Objective: To compare intensive insulin therapy through continuous subcutaneous insulin infusion (CSII) and multiple daily insulin injections (MIDI) regarding glycemic control, microalbuminuria, lipid profile, body mass index and frequency of adverse events. Material and Methods: Retrospective observational study involving 59 patients with type 1 diabetes followed at endocrinology clinic of the São João Hospital Center that performed intensive insulin therapy through CSII for more than 6 years, having previously used the MIDI for a period of more than 6 months. Data was collected from the clinical process comparing the period of MIDI and after 2, 4 and 6 years after CSII. Results: 59 patients with a mean age of 41 ± 10 years, diagnosed with type 1 diabetes and with an average disease duration of disease of 17 ± 9 years were evaluated. The HbA1c values were significantly lower in the three CSII periods compared to the MIDI period. The parameters of the lipid profile, ISF and I:CH ratio did not show statistically significant differences in any of the periods.The median values of microalbuminuria of the MIDI period was identical to the period of CSII. Regarding body mass index, a statistically significant increase was found 6 years after start of CSII. The frequency of adverse events associated with CSII therapy was reduced. Conclusion: The change from the MIDI to CSII strategy allowed a better glycemic control during the first 6 years, with no change in the lipid profile or high frequency of adverse events.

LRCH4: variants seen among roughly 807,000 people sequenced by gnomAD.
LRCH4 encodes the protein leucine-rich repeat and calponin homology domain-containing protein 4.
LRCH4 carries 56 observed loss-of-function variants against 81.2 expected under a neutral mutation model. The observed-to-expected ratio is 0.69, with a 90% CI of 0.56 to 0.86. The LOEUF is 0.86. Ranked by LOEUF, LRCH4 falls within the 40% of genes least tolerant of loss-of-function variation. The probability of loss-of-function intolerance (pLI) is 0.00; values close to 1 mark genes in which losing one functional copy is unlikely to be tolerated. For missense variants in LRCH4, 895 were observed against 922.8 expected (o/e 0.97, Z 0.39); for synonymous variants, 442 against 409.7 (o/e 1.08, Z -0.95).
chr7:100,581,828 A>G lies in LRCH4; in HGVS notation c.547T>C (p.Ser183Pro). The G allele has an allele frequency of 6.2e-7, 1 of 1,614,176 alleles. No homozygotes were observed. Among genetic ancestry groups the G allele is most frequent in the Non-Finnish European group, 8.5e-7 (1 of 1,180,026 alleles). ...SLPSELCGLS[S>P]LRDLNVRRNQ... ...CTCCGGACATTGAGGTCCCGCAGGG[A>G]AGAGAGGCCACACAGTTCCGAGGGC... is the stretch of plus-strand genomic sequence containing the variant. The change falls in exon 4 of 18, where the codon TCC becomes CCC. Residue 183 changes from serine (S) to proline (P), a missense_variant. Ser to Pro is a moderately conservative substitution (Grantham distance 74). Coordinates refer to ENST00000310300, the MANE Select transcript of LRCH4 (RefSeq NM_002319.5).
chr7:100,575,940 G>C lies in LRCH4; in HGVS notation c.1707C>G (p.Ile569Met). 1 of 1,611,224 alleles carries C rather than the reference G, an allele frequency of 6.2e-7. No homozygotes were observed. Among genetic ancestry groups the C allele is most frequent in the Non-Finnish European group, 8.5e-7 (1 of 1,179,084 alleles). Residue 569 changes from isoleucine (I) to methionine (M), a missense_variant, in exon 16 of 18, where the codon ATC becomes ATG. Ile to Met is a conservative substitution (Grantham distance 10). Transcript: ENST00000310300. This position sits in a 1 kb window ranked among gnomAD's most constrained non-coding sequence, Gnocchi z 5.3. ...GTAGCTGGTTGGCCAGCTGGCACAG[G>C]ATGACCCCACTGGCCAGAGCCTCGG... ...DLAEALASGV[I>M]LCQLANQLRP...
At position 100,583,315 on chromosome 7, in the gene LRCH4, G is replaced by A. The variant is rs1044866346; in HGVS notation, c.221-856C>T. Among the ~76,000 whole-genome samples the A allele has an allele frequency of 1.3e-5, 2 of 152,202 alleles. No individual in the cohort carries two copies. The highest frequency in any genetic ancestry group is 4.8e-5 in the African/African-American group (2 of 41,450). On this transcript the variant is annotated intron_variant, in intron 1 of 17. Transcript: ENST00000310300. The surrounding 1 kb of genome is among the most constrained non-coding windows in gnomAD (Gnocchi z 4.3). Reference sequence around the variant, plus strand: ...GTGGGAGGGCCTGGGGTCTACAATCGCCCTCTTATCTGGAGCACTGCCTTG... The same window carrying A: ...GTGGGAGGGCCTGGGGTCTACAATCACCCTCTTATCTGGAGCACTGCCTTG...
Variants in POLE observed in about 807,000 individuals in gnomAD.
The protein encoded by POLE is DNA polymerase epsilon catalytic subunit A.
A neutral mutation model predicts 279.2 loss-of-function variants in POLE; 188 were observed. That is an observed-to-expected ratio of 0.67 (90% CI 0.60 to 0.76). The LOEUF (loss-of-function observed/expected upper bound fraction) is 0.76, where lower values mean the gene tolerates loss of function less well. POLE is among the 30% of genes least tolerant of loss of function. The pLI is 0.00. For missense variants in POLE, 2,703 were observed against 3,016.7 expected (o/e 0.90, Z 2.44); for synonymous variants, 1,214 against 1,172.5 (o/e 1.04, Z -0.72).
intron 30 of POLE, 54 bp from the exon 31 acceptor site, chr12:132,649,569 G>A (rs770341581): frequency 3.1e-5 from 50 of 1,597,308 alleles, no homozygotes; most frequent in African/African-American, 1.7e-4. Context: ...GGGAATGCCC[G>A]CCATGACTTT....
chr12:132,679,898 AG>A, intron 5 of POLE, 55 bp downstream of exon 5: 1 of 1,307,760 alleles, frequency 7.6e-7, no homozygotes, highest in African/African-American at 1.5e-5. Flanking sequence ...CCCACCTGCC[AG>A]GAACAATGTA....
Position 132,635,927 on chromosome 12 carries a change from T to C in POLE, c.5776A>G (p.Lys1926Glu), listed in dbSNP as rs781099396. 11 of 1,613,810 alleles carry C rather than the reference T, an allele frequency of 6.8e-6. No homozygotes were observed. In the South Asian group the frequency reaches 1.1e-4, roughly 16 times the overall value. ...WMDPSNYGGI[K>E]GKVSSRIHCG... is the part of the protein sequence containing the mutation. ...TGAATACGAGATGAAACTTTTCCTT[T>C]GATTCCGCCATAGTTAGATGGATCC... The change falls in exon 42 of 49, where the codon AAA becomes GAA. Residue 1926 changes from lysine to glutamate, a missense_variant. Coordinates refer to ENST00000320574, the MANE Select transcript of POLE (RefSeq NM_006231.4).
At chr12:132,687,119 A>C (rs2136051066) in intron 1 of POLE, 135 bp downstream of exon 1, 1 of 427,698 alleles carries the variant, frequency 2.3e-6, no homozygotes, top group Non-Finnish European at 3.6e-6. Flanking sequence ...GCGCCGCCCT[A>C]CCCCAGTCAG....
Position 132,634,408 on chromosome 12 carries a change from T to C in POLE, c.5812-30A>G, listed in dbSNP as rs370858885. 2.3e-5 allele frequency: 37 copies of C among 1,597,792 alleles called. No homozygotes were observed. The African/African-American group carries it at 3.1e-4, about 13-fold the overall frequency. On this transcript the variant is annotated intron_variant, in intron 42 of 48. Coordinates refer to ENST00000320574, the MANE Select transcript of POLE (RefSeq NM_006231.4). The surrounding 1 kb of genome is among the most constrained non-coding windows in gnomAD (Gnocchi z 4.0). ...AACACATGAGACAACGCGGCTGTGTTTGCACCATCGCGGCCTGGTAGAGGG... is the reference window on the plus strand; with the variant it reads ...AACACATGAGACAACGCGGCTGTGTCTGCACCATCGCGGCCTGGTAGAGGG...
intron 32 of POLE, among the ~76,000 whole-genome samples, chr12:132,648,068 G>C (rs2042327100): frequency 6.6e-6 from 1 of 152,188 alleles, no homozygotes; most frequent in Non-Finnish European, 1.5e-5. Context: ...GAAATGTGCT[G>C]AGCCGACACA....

No datasets are available for this submission.
No license information is available for this submission.